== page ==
The Pope has said he is resigning for the "good of the Church"
Pope Benedict XVI has celebrated his last Mass as Pope in St Peter's Basilica in Rome following the surprise announcement that he is to retire.
He presided over an Ash Wednesday ceremony marking the start of the Roman Catholic Church's season of Lent.
It came two days after the surprise announcement that the 85-year-old was to retire at the end of the month.
In his homily, he implicitly criticized recent infighting among clerics inside the Vatican.
He said the face of the Church had been marred by divisions and rivalry among the clergy, reports the BBC's David Willey, who was at the service.
Looking tired, the pontiff anointed the foreheads of the faithful with ashes in a service attended by cardinals, bishops, monks, friars and pilgrims.
The season of Lent is marked by fasting and acts of penitence for past sins, with worshippers marking a cross on their foreheads with wood ash to symbolise human mortality.
It is the most solemn season in the Church calendar that ends with Holy Week and Easter Sunday.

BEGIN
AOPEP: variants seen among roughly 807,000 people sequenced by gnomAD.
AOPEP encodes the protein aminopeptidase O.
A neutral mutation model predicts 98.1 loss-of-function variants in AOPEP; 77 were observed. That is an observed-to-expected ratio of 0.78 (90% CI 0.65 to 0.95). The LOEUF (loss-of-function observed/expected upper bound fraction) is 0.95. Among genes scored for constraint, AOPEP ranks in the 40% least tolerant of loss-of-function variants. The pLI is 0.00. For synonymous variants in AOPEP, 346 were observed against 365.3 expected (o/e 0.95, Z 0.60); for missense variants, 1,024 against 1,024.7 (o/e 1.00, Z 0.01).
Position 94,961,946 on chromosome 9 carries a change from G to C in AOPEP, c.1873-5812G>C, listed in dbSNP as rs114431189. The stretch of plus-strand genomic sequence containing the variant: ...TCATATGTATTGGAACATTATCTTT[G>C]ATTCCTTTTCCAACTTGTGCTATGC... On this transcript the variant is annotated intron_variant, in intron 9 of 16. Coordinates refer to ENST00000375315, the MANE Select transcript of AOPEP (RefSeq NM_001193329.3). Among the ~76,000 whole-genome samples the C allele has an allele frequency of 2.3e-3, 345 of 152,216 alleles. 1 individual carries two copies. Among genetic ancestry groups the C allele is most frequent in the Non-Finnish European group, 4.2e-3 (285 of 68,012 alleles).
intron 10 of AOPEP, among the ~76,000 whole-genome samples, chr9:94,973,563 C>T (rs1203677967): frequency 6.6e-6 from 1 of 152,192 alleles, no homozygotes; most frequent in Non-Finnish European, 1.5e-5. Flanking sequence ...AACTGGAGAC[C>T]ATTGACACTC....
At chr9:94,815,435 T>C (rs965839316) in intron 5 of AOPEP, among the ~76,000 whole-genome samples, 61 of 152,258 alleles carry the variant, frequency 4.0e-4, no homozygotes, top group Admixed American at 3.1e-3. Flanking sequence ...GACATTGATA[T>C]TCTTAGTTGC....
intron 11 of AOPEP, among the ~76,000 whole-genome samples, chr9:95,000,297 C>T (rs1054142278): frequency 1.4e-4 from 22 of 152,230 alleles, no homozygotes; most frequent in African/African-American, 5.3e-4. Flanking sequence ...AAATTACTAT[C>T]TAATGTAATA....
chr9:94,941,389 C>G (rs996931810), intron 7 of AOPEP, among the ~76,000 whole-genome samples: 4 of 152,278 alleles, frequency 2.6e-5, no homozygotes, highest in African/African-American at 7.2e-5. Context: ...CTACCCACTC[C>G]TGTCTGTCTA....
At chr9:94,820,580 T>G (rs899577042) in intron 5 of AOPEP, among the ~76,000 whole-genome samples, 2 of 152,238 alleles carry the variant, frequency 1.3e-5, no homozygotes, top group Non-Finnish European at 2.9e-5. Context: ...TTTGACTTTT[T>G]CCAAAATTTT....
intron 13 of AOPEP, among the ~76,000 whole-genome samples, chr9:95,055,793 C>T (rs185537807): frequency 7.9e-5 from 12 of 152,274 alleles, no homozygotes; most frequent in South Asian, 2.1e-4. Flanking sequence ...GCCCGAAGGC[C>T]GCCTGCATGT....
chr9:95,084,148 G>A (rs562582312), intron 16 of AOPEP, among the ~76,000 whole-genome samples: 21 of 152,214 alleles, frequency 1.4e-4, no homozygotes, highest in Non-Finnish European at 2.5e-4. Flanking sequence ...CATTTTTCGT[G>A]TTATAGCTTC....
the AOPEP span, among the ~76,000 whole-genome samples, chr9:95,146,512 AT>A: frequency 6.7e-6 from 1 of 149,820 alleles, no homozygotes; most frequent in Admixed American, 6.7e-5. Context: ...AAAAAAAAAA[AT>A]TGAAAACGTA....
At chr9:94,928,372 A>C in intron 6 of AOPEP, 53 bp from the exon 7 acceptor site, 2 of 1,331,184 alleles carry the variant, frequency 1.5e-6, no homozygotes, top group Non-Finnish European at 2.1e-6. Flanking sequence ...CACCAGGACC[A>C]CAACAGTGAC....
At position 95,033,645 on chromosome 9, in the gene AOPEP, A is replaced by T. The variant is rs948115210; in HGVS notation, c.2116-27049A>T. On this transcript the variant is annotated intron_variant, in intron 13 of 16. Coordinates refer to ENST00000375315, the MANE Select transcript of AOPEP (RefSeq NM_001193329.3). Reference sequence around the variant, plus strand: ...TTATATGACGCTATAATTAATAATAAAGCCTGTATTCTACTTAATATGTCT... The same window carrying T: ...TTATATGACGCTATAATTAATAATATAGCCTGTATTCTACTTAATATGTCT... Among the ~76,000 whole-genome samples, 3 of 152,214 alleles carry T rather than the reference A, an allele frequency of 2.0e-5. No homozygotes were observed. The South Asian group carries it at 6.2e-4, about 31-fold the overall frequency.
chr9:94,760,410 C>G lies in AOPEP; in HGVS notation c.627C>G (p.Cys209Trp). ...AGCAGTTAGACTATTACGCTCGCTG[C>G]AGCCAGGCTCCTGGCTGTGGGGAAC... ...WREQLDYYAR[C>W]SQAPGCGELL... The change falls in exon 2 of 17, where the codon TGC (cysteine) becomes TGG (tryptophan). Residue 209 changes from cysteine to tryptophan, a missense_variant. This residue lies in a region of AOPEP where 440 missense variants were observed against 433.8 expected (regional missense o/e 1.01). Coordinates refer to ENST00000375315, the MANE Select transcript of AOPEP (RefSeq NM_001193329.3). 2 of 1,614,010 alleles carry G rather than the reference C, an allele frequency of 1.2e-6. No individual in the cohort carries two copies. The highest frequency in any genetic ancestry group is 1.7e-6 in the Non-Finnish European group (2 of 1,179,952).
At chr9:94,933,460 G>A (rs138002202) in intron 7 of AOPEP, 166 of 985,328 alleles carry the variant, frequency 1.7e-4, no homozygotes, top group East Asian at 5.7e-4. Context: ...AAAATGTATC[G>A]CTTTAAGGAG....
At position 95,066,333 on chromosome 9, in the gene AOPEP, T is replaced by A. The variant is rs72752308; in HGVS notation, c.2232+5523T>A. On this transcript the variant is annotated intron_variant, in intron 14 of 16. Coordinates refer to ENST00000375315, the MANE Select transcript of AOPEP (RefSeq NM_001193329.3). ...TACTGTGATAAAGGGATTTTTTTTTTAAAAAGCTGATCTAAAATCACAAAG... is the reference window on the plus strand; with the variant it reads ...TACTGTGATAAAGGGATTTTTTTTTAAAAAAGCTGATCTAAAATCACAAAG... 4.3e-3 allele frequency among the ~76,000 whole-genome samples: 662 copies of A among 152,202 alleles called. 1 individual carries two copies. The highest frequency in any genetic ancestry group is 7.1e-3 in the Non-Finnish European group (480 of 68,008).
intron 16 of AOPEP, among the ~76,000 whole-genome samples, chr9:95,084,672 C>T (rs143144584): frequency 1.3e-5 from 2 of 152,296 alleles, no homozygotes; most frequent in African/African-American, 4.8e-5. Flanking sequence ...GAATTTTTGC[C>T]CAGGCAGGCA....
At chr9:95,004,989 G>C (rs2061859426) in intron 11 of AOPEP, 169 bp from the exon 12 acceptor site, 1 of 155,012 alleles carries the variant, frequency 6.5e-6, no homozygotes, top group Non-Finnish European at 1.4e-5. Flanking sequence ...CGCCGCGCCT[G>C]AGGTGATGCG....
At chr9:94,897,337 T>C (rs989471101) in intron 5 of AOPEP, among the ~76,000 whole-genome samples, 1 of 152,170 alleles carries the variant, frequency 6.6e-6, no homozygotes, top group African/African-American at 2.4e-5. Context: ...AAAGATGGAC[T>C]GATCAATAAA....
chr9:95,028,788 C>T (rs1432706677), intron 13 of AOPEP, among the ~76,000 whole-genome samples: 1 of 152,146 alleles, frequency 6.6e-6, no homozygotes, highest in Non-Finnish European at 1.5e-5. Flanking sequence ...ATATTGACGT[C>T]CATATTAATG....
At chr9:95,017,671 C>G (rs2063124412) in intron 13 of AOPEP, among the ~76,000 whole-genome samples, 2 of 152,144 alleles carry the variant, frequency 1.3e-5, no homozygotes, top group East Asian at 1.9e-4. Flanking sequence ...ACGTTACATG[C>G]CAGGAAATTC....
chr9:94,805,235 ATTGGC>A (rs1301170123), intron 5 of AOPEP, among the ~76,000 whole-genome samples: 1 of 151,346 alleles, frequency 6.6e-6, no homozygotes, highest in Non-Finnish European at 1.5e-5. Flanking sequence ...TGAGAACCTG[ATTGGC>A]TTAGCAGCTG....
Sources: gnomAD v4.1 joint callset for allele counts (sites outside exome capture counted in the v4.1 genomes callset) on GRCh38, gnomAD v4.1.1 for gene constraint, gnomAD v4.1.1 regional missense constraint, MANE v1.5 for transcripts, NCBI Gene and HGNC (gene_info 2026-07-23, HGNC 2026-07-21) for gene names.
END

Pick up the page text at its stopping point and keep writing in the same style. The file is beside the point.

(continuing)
Earlier in the day, the Pope held his last but one general audience inside the Vatican, his first public appearance since he stunned the Church and wider world by saying he would retire at the end of the month.
He said he had made his decision only after long reflection.
"I am conscious of the gravity of my action," he said, receiving a standing ovation from 8,000 pilgrims from around the world gathered in the Vatican's main audience hall.
"Thank you for the love and prayer with which you have accompanied me... Keep praying for me, for the Church and for the future pope," he said.
Next week the Pope will carry out no public engagements. He will enter a spiritual retreat and pray inside the Vatican.
The pontiff had originally been scheduled to celebrate Ash Wednesday at the small Sant' Anselmo church, then lead a procession to Santa Sabina Basilica on Rome's Aventine Hill.
But the Mass was relocated to St Peter's to accommodate the crowds, the Vatican said. The change also saved the Pope the effort of the procession.
The pontiff will continue with his usual agenda until the day he officially retires at the end of February, Vatican officials say.
By the end of Lent, in six weeks' time, there is expected to be a new pope.